• Connection

Last year, I wrote about learning to scuba dive in the Andaman Islands, and how, on my first deep dive, I got into trouble and started to hyperventilate. For a second, I thought I was going to die. My instructor reacted perfectly. She saw I was panicking, and gave me a hug. This calmed me down sufficiently that I started breathing more slowly, and could continue the dive. Hugging tells our body we’re safe and OK. Physical connection is an important mammalian healing response after trauma – look at how chimps groom each other following a clash. Some universities have tried to de-stress students by introducing petting zoos, which is a nice idea but might be stressful for the animals. As soon as my life is a bit more settled, I plan to get a dog – dogs are incredibly healing, especially for the English, because it helps us communicate affection at a non-verbal level, something the English struggle with.

  • Come to your senses

Tuning into our senses can help us switch out of physical stress. The therapist David Field calls it ‘orientating yourself to beauty’. Rather than heeding your internal rumination narrative, you focus outside, on the beauty of the sensory world. On my second deep dive in the Andaman Islands, I was worried I would panic again. Instead, I focused outside of me, and was totally absorbed in the beauty of the underwater world. That was tuning in to vision, but one can equally tune in to touch, taste, sound or smell. Last year I interviewed Anthony Fidler about how he has learned to navigate occasional psychotic episodes using spiritual practices like mindfulness, Tai Chi, connection practices and flower remedies. It’s interesting how embodied his practice is – he suggests that part of being prone to psychosis is having a very sensitive nervous system. The technique that sounded a bit idiosyncratic to me was the flower remedies. But I guess he’s tuning into smell and using that to navigate highly stressful moments. It reminds me of a moment, on an ayahuasca retreat last October, when I felt very scared. I asked for assistance from the facilitators, and a lovely guy called Joel came and sat next to me. He said ‘you’re going to find that perfume bottle very helpful’. We’d all been given a bottle of magic perfume, called Agua Florida, which Latin American shamans are very fond of. We were advised that we could use it in ceremonies if we felt anxious – just dab a bit of it on our face or arms. This sounded like crazy advice to me – how was cheap eau de cologne going to help me? But now I think, maybe it did. It helped me come to my senses, rather than going into a fight-and-flight or a freeze response.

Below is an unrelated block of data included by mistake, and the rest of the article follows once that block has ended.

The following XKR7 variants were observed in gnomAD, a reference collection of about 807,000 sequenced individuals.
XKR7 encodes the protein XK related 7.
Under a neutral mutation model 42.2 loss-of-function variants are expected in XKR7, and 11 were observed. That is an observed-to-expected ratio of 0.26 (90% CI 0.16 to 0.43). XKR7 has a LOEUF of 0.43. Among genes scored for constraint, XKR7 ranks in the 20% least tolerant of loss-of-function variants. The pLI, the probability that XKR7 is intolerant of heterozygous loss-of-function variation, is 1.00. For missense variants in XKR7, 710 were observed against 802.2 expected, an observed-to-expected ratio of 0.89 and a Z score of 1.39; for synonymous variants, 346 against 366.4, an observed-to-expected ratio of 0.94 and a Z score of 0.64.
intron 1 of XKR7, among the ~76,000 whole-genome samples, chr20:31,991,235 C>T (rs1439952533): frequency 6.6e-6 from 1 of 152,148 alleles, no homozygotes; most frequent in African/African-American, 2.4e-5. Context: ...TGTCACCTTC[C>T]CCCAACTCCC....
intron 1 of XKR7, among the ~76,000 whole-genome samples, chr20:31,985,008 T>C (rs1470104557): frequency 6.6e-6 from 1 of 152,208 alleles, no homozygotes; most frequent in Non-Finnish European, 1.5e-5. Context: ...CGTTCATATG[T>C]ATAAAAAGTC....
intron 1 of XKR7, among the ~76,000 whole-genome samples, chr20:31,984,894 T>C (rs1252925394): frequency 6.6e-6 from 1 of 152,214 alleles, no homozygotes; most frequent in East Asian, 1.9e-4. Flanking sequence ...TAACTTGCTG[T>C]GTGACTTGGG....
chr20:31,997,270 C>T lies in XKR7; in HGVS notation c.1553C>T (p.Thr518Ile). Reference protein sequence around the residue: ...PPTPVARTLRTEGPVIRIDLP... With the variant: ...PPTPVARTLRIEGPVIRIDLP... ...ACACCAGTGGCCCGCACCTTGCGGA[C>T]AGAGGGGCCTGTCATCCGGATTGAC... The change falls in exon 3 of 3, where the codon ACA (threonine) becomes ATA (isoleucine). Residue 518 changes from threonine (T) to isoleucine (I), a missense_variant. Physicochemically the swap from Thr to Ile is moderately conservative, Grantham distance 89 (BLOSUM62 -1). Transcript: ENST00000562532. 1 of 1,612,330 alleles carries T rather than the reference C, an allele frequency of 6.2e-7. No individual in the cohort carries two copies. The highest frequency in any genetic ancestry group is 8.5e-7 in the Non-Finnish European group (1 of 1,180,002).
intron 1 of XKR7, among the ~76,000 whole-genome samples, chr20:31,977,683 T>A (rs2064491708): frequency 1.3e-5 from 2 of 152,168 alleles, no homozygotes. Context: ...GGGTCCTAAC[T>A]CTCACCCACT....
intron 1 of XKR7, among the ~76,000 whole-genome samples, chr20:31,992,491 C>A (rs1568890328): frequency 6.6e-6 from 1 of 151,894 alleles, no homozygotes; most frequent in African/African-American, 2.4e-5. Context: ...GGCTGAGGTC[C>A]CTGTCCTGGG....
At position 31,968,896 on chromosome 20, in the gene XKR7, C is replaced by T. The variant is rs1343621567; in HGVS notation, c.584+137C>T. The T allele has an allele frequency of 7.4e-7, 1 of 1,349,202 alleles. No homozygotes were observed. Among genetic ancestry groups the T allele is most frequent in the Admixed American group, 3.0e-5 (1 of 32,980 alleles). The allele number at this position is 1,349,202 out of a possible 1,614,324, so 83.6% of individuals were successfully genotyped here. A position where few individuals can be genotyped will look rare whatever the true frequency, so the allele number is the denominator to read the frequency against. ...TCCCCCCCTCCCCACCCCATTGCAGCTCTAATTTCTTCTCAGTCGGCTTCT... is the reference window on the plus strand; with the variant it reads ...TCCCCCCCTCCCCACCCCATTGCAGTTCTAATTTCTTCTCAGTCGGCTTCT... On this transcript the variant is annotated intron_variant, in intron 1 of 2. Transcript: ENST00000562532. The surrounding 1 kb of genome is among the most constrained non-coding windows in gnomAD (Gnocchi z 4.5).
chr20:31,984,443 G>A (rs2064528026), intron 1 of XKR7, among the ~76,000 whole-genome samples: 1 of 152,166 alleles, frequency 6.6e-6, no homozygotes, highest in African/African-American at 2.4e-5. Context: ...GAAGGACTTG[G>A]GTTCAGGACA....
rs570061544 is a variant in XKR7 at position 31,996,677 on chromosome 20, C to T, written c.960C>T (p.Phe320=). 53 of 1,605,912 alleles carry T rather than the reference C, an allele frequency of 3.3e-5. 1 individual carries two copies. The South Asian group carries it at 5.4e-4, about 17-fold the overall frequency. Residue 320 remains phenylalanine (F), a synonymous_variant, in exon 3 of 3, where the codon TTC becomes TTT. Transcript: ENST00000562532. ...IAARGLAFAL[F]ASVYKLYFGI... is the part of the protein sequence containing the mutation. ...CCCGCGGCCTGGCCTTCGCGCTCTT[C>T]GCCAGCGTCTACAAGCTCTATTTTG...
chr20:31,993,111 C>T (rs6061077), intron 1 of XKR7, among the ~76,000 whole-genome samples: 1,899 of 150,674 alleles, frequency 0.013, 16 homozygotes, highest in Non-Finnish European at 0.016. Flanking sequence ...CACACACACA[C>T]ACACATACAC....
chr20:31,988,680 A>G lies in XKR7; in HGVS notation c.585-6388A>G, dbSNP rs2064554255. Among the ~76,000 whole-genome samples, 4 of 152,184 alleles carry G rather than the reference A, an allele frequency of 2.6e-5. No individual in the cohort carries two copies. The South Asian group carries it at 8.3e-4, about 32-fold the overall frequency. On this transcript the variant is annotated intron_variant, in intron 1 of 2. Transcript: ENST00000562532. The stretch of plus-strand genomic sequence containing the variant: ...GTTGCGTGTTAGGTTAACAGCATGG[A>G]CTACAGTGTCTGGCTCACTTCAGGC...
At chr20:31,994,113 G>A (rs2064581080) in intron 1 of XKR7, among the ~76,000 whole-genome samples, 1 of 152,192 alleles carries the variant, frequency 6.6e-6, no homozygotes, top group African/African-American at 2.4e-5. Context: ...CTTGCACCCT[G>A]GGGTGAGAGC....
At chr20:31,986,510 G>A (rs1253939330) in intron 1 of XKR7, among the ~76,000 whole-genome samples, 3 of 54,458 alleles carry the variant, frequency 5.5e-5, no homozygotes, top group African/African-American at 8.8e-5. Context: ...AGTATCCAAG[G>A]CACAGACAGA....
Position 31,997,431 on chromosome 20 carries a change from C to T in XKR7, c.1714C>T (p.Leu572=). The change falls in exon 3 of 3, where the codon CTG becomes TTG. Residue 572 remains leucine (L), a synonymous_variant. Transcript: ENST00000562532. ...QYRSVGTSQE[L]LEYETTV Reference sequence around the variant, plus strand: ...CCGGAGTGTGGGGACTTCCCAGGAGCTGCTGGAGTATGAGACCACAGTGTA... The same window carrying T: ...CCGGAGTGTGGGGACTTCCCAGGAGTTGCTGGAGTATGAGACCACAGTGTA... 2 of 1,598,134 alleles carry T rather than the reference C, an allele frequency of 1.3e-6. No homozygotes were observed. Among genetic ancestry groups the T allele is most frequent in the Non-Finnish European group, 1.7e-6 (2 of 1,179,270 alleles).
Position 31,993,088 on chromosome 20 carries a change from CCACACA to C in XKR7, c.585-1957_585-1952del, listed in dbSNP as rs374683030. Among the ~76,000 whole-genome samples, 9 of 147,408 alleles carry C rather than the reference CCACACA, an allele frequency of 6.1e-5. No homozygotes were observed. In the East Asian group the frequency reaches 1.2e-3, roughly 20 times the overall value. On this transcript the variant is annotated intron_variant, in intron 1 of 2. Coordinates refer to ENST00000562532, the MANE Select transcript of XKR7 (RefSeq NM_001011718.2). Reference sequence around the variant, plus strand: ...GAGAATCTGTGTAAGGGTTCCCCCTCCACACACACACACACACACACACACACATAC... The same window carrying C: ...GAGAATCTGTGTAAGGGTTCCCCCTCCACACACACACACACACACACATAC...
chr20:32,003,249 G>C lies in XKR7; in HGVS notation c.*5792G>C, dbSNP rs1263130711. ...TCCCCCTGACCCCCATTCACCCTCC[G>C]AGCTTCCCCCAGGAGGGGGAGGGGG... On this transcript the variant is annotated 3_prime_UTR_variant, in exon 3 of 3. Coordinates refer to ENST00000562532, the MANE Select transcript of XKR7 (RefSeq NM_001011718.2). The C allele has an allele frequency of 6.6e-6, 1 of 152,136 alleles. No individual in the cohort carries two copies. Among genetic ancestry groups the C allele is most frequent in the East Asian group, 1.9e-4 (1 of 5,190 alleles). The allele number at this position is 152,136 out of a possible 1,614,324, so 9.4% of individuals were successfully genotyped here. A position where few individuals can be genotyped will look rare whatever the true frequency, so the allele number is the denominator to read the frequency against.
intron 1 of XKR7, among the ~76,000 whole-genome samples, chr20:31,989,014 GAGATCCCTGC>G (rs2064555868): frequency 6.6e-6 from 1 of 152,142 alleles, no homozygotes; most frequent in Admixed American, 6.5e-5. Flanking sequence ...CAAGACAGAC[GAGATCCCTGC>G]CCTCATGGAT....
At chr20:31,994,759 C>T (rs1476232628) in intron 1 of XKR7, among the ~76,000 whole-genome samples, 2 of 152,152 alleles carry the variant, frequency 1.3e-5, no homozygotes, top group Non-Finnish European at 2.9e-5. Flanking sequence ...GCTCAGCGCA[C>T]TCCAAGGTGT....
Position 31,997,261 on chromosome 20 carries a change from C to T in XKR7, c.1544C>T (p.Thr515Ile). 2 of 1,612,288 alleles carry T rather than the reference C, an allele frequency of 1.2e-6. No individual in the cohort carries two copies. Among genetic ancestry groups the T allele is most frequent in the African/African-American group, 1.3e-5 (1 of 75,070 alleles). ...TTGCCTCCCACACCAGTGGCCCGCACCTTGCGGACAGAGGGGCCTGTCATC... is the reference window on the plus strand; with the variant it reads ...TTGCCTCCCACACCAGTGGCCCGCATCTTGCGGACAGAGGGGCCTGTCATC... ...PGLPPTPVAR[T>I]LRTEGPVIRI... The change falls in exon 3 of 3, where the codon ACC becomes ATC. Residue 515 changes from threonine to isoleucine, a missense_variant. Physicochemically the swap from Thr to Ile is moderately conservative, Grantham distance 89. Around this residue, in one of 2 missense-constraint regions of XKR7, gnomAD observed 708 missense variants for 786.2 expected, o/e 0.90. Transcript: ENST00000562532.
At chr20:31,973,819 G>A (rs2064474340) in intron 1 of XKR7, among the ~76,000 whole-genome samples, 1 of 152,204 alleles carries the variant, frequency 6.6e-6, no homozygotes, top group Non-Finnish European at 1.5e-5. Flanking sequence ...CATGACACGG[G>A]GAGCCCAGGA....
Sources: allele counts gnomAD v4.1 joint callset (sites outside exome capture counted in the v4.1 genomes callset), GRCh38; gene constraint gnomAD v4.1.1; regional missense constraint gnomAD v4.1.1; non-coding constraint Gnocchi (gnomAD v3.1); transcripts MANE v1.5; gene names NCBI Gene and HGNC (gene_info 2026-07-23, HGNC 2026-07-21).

• Sing and dance

David Field suggests that trauma – the freeze response – shuts down the part of the brain that’s capable of nuanced thinking, so we become very black-and-white in our thinking, shaping the world into simplistic narratives of goodies and baddies. Someone in the audience said ‘that sounds like Israel and Palestine – they’re traumatized, and stuck in black-and-white thinking’. That’s what my brother is researching at the moment – how political polarization is connected to trauma. But how can a community collectively respond to trauma and process it? One method humans have evolved is singing and dancing together. It feels good, it synchronizes our breathing and heart-beat, it releases pent-up emotions, it articulates our inchoate suffering, and it directly affects our vagus nerve and activates the parasympathetic nervous system. I remember watching the Manchester One Love concert, a few weeks after the bombing, and feeling incredibly moved. I thought how powerful music is as a means of collective response to trauma. Dancing alone or together is also a powerful means of healing. Aristotle suggested in his Politics that the good society should have ecstatic rituals to help citizens find catharsis and shake off the nervous discontents of civilization. Any form of shaking – from jumping up and down to running or even bouncing on a trampoline – can help us shake off nervous tension. Think how central shaking is to ecstatic rituals, from the Quakers to Shakers to Holy-Rollers to the head-banging worshippers of Cybele.

So: deep breathing, connecting, coming to your senses, and singing and dancing. Those are some basic ways one can affect one’s vagal nerve, increase your ‘vagal tone’ (which is your ability to go into threat-response and then calm down quickly), and activate your parasympathetic nervous system to rest, heal and bond. All of which makes me think how important rituals are – they absorb our consciousness, slow our minds and bodies down, engage our senses, and give us the opportunity to sing and dance together. That’s how humans have healed ourselves for hundreds of thousands of years. Socrates and his rational talking therapy is a relatively new approach. The old ways still work too.

By the by, what I’ve described here is a fairly personal take on somatic therapy – I’ve missed out many of the key concepts and methods of Somatic Experiencing, so if you want to learn more I recommend you seek out the writings of Peter Levine or a book called The Body Keeps the Score, which people often recommend to me but I haven’t read yet.